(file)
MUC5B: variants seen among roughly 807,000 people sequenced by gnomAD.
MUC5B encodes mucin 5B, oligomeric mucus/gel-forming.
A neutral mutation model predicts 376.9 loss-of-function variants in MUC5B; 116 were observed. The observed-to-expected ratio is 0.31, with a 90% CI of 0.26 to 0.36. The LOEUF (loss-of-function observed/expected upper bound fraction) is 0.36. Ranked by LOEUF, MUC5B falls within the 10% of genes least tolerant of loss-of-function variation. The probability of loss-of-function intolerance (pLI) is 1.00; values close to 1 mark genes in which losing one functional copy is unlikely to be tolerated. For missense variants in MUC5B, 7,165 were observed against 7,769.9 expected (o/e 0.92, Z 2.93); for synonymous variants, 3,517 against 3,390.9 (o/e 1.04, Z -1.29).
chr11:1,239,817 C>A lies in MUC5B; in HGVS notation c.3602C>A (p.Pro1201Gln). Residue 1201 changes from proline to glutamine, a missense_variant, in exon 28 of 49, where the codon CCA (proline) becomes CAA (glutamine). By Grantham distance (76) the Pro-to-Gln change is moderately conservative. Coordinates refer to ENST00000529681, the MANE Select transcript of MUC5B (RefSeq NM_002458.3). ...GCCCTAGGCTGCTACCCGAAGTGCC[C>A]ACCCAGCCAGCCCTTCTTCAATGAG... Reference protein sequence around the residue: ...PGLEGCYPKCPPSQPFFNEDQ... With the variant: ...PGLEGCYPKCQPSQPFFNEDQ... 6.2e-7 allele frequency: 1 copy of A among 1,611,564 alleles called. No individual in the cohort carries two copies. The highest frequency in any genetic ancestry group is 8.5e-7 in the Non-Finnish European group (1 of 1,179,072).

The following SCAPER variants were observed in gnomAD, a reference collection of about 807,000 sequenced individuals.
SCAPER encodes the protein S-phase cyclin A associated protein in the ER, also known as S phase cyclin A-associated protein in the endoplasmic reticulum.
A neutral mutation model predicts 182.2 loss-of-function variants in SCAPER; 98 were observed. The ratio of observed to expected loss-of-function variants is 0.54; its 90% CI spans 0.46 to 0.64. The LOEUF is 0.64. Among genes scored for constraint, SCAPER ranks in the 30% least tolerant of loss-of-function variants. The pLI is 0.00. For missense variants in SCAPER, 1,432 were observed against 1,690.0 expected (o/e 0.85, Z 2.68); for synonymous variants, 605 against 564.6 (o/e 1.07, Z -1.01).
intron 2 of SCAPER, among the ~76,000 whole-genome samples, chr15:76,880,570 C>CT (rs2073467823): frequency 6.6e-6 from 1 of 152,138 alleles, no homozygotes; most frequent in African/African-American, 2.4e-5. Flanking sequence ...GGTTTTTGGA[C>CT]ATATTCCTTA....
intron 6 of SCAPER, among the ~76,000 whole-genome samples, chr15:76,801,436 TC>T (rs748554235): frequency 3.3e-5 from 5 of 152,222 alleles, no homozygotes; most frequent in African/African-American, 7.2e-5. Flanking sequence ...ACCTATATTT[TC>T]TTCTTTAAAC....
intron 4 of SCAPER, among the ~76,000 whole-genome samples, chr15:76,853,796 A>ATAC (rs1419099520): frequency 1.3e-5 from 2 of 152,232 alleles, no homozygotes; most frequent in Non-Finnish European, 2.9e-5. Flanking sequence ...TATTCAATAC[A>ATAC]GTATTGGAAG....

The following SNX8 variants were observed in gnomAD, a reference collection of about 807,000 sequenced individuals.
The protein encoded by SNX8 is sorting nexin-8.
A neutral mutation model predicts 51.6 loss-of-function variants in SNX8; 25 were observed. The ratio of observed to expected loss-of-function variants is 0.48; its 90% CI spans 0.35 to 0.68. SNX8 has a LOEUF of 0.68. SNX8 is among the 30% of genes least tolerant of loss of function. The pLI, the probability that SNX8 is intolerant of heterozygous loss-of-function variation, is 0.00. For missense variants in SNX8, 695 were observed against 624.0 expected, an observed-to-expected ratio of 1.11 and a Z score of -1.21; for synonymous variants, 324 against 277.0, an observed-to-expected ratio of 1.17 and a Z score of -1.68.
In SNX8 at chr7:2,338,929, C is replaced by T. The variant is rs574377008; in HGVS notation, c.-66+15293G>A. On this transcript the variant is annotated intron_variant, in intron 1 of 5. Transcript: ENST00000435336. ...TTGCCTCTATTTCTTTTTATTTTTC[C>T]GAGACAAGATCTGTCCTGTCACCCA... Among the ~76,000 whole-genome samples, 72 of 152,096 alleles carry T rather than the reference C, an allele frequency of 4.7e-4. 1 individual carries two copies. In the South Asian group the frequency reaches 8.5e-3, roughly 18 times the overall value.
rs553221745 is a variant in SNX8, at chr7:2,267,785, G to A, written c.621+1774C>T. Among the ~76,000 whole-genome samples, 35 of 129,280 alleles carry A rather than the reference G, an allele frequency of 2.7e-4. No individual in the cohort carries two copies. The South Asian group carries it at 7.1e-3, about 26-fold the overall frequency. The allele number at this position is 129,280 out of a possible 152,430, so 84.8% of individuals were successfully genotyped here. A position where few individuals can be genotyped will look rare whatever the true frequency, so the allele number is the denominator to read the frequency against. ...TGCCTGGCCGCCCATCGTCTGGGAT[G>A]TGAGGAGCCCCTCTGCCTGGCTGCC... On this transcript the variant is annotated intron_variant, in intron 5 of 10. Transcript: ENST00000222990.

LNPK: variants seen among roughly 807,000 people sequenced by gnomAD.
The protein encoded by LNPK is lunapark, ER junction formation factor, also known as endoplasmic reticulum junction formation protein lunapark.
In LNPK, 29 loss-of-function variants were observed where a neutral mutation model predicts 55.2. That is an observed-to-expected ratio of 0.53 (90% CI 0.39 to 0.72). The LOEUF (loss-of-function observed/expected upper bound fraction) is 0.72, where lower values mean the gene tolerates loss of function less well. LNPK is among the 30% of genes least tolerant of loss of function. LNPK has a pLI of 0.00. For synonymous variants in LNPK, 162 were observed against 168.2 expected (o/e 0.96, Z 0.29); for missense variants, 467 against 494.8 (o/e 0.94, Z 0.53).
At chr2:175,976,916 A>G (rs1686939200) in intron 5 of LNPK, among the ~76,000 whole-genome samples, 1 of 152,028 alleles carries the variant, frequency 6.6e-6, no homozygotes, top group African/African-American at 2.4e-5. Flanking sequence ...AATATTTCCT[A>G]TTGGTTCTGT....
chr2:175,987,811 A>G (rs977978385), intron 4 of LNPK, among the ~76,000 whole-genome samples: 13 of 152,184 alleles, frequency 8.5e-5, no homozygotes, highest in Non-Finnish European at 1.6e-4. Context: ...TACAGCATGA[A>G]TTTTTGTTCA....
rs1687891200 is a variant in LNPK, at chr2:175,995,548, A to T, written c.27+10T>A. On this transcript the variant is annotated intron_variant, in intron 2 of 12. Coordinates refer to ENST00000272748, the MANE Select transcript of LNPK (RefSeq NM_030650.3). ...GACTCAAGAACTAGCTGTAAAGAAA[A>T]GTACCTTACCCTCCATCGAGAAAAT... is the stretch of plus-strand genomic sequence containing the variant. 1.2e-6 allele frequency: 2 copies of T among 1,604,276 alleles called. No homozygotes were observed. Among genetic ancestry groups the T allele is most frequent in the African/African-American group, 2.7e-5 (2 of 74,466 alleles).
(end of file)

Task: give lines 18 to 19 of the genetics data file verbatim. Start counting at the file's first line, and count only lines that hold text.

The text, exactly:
In LNPK, 29 loss-of-function variants were observed where a neutral mutation model predicts 55.2. That is an observed-to-expected ratio of 0.53 (90% CI 0.39 to 0.72). The LOEUF (loss-of-function observed/expected upper bound fraction) is 0.72, where lower values mean the gene tolerates loss of function less well. LNPK is among the 30% of genes least tolerant of loss of function. LNPK has a pLI of 0.00. For synonymous variants in LNPK, 162 were observed against 168.2 expected (o/e 0.96, Z 0.29); for missense variants, 467 against 494.8 (o/e 0.94, Z 0.53).
At chr2:175,976,916 A>G (rs1686939200) in intron 5 of LNPK, among the ~76,000 whole-genome samples, 1 of 152,028 alleles carries the variant, frequency 6.6e-6, no homozygotes, top group African/African-American at 2.4e-5. Flanking sequence ...AATATTTCCT[A>G]TTGGTTCTGT....